Chapter Contents


16 IDE Support

Geb does not require any special plugins or configuration for use inside an IDE. However, there are some considerations that will be addressed in this chapter.

16.1 Execution

Geb scripts can be executed in an IDE if that IDE supports executing Groovy scripts. All IDEs that support Groovy typically support this. There are typically only two concerns in the configuration of this: getting the Geb classes on the classpath, and the GebConfig file.

Geb tests can be executed in an IDE if that IDE supports Groovy scripts and the testing framework that you are using with Geb. If you are using JUnit or Spock (which is based on JUnit) this is trivial, as all modern Java IDEs support JUnit. As far as the IDE is concerned, the Geb test is simply a JUnit test and no special support is required. As with executing scripts, the IDE must put the Geb classes on the classpath for test execution and the GebConfig file must be accessible (typically putting this file at the root of the test source tree is sufficient).

In both cases, the simplest way to create such an IDE configuration is to use a build tool (such as Gradle or Maven) that supports IDE integration. This will take care of the classpath setup and other concerns.

16.2 Authoring Assistance (autocomplete and navigation)

This section discusses what kind of authoring assistance can be provided by IDEs and usage patterns that enable better authoring support.

16.2.1 Dynamism and conciseness vs tooling support

Geb heavily embraces the dynamic typing offered by Groovy, to achieve conciseness for the purpose of readability. This immediately reduces the amount of authoring assistance that an IDE can provide when authoring Geb code. This is an intentional compromise. The primary cost in functional/acceptance testing is in the maintenance of the test suite over time. Geb optimizes for this in several ways, one of which being the focus on intention revealing code (which is achieved through conciseness).

That said, if authoring support is a concern for you, read on to learn for details on ways to forsake conciseness in order to improve authoring support.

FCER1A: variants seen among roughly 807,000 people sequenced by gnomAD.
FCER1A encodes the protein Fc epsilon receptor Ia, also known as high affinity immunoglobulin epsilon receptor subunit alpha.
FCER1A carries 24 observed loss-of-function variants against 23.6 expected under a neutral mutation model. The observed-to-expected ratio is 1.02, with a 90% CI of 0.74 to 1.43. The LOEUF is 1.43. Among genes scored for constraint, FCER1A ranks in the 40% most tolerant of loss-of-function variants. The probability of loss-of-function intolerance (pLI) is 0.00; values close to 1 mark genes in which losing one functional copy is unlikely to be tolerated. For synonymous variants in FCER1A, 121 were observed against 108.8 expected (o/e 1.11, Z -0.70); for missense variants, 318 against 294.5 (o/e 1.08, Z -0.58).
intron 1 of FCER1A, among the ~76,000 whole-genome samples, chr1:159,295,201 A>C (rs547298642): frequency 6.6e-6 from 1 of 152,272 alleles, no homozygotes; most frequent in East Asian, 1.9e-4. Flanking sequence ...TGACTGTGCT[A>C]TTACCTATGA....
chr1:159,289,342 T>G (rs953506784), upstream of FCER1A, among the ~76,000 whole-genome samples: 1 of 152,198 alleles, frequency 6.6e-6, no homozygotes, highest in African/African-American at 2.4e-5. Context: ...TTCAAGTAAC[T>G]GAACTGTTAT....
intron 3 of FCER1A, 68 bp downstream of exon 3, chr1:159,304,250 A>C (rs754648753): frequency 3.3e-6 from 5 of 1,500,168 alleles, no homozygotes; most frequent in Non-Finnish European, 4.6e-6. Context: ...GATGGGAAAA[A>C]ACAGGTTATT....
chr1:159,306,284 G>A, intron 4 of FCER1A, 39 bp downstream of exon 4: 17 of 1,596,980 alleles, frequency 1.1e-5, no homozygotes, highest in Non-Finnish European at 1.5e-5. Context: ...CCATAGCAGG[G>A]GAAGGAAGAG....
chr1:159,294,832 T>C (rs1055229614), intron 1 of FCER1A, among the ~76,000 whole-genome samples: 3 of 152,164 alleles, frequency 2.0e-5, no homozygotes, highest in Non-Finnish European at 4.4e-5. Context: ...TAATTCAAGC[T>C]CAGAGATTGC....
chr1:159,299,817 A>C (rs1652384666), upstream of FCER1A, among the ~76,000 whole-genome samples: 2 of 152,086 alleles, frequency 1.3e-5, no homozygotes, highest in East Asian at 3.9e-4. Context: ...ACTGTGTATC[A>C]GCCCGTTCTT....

16.2.2 Strong typing

In order to gain improved authoring support, you must include types in your tests and page objects. Additionally, you must explicitly access the browser and page objects instead of relying on dynamic dispatch.

Here’s an example of idiomatic (untyped) Geb code.

to HomePage
loginButton.click()

at LoginPage
username = "user1"
password = "password1"
loginButton.click()

at SecurePage

The same code written with types would look like:

HomePage homePage = browser.to HomePage
homePage.loginButton.click()

LoginPage loginPage = browser.at LoginPage
SecurePage securePage = loginPage.login("user1", "password1")

Where the page objects are:

class HomePage extends Page {
    Navigator getLoginButton() {
       $("#loginButton")
    }
}

class LoginPage extends Page {

    static at = { title == "Login Page" }

    SecurePage login(String username, String password) {
        $("#username").value username
        $("#password").value username
        $("#loginButton").click()
        browser.at SecurePage
    }
}

In summary:

  1. Use the browser object explicitly (made available by the testing adapters)
  2. Use the page instance returned by the to() and at() methods instead of calling through the browser
  3. Use methods on the Page classes instead of the content {} block and dynamic properties
  4. If you need to use content definition options like required: and wait: then you can still reference content elements defined using the DSL in methods on Page and Module classes as usual, e.g.:

    static content = {
    async(wait: true) { $(“.async”) }
    }

    String asyncText() {
    async.text() // Wait here for the async definition to return a non-empty Navigator…
    }

Using this “typed” style is not an all or nothing proposition. The typing options exist on a spectrum and can be used selectively where/when the cost of the extra “noise” is worth it to achieve better IDE support. For example, a mix of using the content {} DSL and methods can easily be used. The key enabler is to capture the result of the to() and at() methods in order to access the page object instance.

16.2.2.1 IntelliJ IDEA support

IntelliJ IDEA (since version 12) has special support for authoring Geb code. This is built in to the Groovy support; no additional installations are required.

The support provides:

This effectively enables more authoring support with less explicit type information. The Geb development team would like to thank the good folks at JetBrains for adding this explicit support for Geb to IDEA.


The Book of Geb - 0.10.0 - October, 2014
Licensed under the Apache License, Version 2.0